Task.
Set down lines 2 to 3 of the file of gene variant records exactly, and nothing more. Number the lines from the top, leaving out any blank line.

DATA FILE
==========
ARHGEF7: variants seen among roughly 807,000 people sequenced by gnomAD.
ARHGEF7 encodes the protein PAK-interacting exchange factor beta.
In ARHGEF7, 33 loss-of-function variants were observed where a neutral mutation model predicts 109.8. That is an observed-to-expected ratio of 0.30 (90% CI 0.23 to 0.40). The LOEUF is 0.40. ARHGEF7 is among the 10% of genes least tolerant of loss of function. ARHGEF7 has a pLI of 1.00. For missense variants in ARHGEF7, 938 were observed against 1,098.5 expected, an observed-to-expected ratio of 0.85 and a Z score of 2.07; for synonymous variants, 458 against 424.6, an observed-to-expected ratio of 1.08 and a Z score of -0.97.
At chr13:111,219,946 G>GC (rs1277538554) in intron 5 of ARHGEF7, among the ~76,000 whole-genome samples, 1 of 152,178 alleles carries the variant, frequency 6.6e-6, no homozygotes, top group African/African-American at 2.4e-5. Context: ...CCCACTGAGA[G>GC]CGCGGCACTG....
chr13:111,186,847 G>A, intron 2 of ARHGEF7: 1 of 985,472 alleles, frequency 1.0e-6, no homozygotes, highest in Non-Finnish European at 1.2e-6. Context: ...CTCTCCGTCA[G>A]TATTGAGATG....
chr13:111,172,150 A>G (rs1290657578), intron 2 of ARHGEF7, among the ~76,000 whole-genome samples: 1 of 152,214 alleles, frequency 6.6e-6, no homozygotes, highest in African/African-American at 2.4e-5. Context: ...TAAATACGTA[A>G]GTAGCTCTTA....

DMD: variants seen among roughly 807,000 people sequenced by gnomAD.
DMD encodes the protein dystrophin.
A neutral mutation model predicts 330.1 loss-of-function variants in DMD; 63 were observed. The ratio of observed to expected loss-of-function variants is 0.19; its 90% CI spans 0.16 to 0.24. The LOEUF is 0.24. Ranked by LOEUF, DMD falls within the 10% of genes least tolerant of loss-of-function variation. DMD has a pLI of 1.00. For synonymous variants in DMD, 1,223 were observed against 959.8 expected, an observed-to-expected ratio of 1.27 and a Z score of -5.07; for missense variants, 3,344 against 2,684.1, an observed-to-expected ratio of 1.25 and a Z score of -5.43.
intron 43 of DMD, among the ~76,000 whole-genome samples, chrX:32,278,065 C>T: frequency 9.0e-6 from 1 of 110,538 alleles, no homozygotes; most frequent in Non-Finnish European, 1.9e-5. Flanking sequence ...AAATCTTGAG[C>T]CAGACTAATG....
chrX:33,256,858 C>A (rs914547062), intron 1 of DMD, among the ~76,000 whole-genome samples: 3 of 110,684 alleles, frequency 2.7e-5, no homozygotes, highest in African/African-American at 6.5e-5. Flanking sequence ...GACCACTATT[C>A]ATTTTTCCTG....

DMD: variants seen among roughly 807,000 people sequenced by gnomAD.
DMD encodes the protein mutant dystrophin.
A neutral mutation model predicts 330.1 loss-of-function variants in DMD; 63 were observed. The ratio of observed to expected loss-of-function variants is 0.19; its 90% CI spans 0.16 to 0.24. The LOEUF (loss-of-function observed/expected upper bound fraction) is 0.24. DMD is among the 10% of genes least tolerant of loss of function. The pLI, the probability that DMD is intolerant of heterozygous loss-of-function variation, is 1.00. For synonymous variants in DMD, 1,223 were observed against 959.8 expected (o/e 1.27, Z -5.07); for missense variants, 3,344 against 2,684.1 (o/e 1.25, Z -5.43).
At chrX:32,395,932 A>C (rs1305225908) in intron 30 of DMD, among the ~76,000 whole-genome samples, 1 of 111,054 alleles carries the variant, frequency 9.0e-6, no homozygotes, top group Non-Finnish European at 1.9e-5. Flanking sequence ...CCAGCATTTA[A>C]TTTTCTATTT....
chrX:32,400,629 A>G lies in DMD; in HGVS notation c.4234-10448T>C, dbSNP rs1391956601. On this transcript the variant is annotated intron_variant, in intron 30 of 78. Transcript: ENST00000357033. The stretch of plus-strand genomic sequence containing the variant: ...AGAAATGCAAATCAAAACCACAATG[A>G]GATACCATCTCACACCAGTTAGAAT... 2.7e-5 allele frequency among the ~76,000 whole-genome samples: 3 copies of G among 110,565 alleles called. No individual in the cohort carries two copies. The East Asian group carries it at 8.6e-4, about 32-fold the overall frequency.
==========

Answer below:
ARHGEF7 encodes the protein PAK-interacting exchange factor beta.
In ARHGEF7, 33 loss-of-function variants were observed where a neutral mutation model predicts 109.8. That is an observed-to-expected ratio of 0.30 (90% CI 0.23 to 0.40). The LOEUF is 0.40. ARHGEF7 is among the 10% of genes least tolerant of loss of function. ARHGEF7 has a pLI of 1.00. For missense variants in ARHGEF7, 938 were observed against 1,098.5 expected, an observed-to-expected ratio of 0.85 and a Z score of 2.07; for synonymous variants, 458 against 424.6, an observed-to-expected ratio of 1.08 and a Z score of -0.97.